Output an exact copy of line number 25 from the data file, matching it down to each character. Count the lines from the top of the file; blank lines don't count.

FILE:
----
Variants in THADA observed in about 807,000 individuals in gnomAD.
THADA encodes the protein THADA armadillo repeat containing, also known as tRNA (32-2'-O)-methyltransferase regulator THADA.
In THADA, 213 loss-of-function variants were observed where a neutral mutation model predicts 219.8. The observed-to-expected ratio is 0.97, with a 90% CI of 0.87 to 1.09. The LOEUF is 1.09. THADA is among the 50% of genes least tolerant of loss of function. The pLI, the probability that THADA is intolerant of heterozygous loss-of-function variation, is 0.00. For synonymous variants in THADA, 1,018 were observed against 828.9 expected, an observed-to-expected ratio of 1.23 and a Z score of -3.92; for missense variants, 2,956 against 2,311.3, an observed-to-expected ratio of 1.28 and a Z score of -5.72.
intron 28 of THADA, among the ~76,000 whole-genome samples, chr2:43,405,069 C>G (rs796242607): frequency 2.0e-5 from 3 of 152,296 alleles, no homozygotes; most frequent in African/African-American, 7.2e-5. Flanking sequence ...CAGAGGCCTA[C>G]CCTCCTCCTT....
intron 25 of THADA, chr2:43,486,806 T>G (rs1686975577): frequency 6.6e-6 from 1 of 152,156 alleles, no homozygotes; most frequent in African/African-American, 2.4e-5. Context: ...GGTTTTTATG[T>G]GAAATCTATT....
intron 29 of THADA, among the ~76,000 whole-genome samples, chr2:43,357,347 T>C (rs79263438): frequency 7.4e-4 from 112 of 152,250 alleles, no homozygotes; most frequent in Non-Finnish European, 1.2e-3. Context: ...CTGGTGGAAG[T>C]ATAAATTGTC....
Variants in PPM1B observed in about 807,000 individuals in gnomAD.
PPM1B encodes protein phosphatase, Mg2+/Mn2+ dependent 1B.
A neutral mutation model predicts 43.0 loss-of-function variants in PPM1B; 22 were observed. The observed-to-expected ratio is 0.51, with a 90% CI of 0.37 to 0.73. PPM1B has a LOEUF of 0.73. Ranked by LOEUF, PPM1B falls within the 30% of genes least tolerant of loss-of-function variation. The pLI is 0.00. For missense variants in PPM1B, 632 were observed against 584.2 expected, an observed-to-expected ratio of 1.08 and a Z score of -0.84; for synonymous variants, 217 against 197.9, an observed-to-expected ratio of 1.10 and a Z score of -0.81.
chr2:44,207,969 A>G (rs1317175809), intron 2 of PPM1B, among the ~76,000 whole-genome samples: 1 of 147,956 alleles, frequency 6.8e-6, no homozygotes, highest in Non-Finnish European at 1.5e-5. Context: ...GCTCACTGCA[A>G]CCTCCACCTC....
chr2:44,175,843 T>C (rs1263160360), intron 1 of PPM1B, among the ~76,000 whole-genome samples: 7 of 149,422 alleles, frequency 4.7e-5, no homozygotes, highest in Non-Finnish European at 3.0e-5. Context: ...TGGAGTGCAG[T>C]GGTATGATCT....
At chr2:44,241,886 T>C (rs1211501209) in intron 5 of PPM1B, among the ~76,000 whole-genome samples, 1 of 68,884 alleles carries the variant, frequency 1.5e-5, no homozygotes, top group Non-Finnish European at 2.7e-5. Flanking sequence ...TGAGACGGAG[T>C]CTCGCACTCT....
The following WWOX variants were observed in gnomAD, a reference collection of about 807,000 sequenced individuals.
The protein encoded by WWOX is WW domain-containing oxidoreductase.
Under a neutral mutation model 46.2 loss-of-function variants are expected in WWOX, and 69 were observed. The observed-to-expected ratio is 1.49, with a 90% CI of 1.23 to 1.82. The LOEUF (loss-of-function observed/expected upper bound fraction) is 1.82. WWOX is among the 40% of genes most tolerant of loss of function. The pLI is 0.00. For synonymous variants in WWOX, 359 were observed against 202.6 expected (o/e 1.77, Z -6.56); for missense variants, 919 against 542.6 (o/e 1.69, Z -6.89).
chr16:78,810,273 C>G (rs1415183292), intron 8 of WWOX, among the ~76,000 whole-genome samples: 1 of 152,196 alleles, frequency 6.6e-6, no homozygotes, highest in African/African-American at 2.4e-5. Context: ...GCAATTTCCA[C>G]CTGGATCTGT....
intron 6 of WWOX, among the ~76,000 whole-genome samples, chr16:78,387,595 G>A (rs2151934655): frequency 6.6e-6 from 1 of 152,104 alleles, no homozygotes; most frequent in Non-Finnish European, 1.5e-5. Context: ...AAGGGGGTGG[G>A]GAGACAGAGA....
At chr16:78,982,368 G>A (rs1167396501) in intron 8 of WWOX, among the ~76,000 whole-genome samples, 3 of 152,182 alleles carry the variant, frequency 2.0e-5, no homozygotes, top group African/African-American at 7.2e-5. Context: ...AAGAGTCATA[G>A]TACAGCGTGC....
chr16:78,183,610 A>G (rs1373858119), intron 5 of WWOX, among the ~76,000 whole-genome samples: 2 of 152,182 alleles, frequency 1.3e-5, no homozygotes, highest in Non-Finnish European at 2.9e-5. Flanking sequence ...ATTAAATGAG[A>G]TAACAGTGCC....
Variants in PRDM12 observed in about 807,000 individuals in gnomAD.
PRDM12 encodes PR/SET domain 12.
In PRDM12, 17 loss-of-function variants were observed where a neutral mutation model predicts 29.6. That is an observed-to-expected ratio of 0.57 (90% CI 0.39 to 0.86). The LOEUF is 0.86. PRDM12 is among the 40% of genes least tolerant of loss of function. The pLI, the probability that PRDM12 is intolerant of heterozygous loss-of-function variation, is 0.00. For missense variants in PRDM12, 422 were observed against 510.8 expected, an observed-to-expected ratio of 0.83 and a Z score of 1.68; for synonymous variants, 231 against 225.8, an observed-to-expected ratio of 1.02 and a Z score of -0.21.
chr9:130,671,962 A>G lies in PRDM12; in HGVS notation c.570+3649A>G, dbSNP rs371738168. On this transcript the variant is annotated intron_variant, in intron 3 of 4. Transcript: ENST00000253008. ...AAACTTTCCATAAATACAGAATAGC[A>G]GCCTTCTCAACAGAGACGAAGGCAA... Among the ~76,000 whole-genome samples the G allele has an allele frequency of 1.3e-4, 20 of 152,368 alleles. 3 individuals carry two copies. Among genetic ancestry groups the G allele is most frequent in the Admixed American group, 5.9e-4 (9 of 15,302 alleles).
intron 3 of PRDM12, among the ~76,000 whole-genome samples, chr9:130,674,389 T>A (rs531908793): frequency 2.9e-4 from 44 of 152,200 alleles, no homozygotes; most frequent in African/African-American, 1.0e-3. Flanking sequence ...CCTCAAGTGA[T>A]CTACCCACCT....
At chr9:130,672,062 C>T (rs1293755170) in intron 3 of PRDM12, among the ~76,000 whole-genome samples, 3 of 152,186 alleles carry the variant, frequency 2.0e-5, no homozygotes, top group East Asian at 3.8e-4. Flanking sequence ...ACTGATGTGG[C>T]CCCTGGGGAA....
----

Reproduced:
At chr9:130,672,062 C>T (rs1293755170) in intron 3 of PRDM12, among the ~76,000 whole-genome samples, 3 of 152,186 alleles carry the variant, frequency 2.0e-5, no homozygotes, top group East Asian at 3.8e-4. Flanking sequence ...ACTGATGTGG[C>T]CCCTGGGGAA....